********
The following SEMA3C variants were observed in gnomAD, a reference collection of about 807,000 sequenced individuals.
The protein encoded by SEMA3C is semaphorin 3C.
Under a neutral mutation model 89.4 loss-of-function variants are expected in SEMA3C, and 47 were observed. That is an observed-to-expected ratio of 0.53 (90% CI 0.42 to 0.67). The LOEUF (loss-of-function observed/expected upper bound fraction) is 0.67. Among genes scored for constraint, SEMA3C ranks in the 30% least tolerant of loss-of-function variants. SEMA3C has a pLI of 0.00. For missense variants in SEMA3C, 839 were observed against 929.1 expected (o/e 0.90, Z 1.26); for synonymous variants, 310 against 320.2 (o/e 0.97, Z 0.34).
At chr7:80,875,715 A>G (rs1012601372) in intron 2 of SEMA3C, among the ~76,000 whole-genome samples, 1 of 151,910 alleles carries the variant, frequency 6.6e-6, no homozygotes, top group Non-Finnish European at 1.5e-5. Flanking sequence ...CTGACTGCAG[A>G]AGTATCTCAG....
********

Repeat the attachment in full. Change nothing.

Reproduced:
The following SEMA3C variants were observed in gnomAD, a reference collection of about 807,000 sequenced individuals.
The protein encoded by SEMA3C is semaphorin 3C.
Under a neutral mutation model 89.4 loss-of-function variants are expected in SEMA3C, and 47 were observed. That is an observed-to-expected ratio of 0.53 (90% CI 0.42 to 0.67). The LOEUF (loss-of-function observed/expected upper bound fraction) is 0.67. Among genes scored for constraint, SEMA3C ranks in the 30% least tolerant of loss-of-function variants. SEMA3C has a pLI of 0.00. For missense variants in SEMA3C, 839 were observed against 929.1 expected (o/e 0.90, Z 1.26); for synonymous variants, 310 against 320.2 (o/e 0.97, Z 0.34).
At chr7:80,875,715 A>G (rs1012601372) in intron 2 of SEMA3C, among the ~76,000 whole-genome samples, 1 of 151,910 alleles carries the variant, frequency 6.6e-6, no homozygotes, top group Non-Finnish European at 1.5e-5. Flanking sequence ...CTGACTGCAG[A>G]AGTATCTCAG....